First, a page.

Did you see in the news a few weeks ago that event planning was named one of the top 10 most stressful jobs? That probably comes as no surprise to you. But since that CareerCast.com ranking puts your stress level in a similar range as military personnel, police officers, and firefighters, the recognition is both gratifying and unsettling.
Here at PCMA, one of our goals is to help reduce some of your stress. We can’t change the economy, guarantee there won’t be an extreme weather event during your meeting, or eliminate all of your challenges in planning and staging meetings. But we can help you build a network of support to help you navigate through tough times. We can help you build your personal and professional skills so you’re prepared to meet challenges head-on. And we can experiment with new formats, room sets, meal events, and networking options at our own face-to-face meetings so you don’t have to.
A prime opportunity to do many of those things is at our annual meeting, Convening Leaders, which just wrapped in Boston. It was a terrific three days of gathering new ideas, sharing experiences, and connecting. What’s more, this year’s meeting featured many new elements to expand your repertoire of innovative approaches to your events.
Throughout the meeting, attendees could engage with their peers in imaginative learning environments and move freely between small deep-dive sessions, rolling up their sleeves to tackle some of the industry’s toughest challenges. I saw many spirited conversations sprouting up and spilling out of scheduled events.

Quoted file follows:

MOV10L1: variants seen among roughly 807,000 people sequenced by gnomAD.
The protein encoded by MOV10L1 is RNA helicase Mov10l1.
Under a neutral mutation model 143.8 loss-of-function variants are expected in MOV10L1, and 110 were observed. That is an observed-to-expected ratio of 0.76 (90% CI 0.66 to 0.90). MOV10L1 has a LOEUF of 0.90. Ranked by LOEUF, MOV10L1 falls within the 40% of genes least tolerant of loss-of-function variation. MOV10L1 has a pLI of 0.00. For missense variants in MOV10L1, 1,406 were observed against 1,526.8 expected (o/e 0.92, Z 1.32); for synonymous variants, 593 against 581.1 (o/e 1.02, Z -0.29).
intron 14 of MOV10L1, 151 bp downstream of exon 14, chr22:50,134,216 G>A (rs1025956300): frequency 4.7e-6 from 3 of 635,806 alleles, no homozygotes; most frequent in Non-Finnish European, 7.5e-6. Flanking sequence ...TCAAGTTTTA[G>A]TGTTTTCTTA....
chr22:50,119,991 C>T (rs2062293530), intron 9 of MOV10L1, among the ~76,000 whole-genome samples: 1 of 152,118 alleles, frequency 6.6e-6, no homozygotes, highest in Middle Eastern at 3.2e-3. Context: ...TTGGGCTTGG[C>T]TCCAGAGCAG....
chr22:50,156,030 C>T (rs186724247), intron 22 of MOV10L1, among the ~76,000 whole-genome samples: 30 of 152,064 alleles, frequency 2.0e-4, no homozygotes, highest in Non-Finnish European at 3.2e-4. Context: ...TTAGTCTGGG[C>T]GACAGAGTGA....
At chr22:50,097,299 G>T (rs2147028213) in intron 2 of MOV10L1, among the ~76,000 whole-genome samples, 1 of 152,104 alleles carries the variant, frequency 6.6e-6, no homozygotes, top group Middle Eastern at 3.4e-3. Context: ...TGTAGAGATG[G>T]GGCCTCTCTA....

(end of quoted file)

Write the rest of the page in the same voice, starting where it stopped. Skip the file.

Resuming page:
PCMA Tech Central was another new element designed to help attendees figure out what’s right for their own meetings. Participants could sit in on tech-education sessions, but the best part — in my opinion — was being able to get hands-on training and demonstrations from top technology providers.
We also brought the best of business school education to the meeting with PCMA Business School @ Convening Leaders. Participants got to join faculty from renowned business schools — including Harvard, Wharton, Yale, Stanford, and Northwestern — for 90-minute presentations designed to build their business acumen, and at no extra charge.
In addition, storytelling, role-playing, roundtable discussions, brain-storming, fun pop quizzes, open forums for key constituent groups, and even a reality-TV-style cooking competition were just some of the non-traditional ways attendees could learn and connect.
Our Boston hosts went above and beyond to help stage this incredible experience. Thank you to each and every one of them. I’d also like to thank our esteemed presenters, production partners, and every professional who helped make Convening Leaders 2014 the cornerstone event that it was. If you couldn’t make it last month, I hope you’ll plan on connecting with us throughout the coming year.